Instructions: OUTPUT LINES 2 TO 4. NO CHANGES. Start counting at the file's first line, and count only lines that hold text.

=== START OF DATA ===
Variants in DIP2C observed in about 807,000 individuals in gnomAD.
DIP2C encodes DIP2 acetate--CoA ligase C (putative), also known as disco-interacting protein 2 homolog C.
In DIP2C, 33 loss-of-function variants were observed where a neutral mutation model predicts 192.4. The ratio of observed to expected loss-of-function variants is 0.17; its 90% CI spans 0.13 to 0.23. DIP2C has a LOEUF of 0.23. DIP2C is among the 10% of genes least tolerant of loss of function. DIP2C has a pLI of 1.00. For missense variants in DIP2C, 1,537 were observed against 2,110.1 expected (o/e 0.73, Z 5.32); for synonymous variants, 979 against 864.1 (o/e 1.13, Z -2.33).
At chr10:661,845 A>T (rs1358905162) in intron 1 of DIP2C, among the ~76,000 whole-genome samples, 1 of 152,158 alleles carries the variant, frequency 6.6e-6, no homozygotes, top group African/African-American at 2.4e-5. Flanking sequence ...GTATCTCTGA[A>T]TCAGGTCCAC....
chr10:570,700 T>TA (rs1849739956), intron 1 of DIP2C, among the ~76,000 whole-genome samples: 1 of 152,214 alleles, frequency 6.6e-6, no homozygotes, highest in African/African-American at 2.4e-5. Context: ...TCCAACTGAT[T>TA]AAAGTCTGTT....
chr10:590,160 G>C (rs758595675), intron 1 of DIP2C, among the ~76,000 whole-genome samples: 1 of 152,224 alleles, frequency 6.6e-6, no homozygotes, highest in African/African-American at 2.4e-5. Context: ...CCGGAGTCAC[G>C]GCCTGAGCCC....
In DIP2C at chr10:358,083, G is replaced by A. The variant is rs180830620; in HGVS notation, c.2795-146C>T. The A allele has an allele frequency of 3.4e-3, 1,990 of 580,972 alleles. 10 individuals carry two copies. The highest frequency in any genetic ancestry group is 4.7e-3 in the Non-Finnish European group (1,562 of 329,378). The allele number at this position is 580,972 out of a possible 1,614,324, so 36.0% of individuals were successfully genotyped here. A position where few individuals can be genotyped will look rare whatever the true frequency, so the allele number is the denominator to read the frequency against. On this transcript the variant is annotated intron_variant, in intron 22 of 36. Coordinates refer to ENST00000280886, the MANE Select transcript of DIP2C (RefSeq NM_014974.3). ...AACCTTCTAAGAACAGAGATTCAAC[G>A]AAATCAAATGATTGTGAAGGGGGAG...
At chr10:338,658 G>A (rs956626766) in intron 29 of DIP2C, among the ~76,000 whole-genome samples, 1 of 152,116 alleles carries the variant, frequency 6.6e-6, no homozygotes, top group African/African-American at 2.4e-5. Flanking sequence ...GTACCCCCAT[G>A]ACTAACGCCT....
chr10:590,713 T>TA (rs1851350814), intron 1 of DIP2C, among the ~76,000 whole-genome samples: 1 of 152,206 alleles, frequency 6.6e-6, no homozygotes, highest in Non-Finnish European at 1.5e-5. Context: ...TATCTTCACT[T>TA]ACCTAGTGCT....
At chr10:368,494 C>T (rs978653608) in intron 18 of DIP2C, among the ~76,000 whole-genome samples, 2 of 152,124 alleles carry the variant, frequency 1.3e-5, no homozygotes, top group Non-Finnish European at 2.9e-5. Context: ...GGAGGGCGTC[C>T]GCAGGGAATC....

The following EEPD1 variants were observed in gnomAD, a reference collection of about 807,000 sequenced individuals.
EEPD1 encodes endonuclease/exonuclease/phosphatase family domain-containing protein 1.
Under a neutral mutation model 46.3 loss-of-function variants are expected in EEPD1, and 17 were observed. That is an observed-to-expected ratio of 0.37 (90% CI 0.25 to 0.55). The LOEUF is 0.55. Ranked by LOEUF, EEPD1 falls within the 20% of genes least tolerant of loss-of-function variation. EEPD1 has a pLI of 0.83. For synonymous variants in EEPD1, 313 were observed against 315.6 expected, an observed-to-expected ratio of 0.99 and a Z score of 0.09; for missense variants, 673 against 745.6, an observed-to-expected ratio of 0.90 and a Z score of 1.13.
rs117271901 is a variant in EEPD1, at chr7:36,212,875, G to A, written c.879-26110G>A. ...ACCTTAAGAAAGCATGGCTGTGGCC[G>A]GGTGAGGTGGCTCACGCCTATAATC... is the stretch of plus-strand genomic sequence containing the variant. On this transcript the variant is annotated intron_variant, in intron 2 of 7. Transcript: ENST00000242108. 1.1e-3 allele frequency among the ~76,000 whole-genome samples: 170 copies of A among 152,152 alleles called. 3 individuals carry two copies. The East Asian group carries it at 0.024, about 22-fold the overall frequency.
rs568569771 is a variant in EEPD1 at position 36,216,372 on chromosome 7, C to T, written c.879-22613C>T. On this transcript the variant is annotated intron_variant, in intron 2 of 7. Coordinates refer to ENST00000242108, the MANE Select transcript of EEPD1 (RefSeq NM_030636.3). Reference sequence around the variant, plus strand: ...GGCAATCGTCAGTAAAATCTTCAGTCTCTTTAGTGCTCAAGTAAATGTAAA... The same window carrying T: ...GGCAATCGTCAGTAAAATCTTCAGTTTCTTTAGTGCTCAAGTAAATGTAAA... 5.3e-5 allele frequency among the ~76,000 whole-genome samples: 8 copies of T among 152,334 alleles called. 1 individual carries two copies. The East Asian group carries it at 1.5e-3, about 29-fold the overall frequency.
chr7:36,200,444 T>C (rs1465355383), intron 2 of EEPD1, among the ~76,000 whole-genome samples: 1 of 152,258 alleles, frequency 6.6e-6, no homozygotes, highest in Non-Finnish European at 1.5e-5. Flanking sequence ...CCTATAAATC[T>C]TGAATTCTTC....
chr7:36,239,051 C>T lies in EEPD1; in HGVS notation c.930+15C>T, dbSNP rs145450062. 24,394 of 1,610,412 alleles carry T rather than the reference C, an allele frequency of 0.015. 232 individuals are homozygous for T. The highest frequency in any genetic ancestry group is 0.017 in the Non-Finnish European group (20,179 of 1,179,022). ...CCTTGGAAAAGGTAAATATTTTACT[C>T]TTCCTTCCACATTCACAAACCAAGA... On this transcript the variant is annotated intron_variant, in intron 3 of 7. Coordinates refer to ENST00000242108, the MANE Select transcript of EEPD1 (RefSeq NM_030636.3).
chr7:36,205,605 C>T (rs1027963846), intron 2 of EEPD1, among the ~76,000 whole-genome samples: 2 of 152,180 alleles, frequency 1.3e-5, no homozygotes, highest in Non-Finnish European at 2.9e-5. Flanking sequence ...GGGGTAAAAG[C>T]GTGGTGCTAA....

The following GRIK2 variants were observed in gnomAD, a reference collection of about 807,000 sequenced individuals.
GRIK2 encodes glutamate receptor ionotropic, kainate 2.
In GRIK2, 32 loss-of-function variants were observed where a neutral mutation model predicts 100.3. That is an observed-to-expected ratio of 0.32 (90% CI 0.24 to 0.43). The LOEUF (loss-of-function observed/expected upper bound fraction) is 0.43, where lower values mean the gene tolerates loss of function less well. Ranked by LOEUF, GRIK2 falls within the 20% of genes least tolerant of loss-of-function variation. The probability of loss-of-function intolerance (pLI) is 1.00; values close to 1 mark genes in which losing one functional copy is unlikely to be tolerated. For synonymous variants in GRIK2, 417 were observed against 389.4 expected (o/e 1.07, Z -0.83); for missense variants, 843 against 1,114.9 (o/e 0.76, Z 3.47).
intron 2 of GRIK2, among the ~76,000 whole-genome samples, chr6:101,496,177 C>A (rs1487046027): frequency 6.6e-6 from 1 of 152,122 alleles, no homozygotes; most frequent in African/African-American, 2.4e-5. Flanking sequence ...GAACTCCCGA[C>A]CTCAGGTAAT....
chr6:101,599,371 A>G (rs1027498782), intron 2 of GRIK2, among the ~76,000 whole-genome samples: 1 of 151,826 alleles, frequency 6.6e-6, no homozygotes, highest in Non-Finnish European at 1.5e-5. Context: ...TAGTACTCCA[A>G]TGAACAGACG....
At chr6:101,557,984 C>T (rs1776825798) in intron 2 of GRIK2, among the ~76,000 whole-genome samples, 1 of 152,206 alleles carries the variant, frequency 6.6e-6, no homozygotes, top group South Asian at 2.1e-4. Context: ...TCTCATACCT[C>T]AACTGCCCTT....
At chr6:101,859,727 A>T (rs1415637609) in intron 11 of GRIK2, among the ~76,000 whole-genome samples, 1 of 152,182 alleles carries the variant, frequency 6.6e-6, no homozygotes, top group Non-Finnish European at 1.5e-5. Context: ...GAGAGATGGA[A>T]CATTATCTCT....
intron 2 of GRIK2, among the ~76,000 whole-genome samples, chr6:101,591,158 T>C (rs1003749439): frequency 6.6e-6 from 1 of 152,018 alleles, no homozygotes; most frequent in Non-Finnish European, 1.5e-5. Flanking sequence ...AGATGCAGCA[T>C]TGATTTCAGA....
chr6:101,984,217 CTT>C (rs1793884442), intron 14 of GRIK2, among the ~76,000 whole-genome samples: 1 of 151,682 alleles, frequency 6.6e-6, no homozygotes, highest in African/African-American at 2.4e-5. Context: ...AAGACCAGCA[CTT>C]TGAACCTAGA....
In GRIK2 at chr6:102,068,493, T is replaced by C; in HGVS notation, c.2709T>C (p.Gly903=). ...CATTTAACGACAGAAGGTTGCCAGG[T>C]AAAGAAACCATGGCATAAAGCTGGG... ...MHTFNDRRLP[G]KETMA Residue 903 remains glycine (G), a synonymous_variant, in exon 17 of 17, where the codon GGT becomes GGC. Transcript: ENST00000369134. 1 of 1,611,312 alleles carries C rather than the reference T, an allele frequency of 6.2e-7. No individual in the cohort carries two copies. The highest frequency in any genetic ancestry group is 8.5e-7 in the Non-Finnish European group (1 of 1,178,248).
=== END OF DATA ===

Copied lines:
DIP2C encodes DIP2 acetate--CoA ligase C (putative), also known as disco-interacting protein 2 homolog C.
In DIP2C, 33 loss-of-function variants were observed where a neutral mutation model predicts 192.4. The ratio of observed to expected loss-of-function variants is 0.17; its 90% CI spans 0.13 to 0.23. DIP2C has a LOEUF of 0.23. DIP2C is among the 10% of genes least tolerant of loss of function. DIP2C has a pLI of 1.00. For missense variants in DIP2C, 1,537 were observed against 2,110.1 expected (o/e 0.73, Z 5.32); for synonymous variants, 979 against 864.1 (o/e 1.13, Z -2.33).
At chr10:661,845 A>T (rs1358905162) in intron 1 of DIP2C, among the ~76,000 whole-genome samples, 1 of 152,158 alleles carries the variant, frequency 6.6e-6, no homozygotes, top group African/African-American at 2.4e-5. Flanking sequence ...GTATCTCTGA[A>T]TCAGGTCCAC....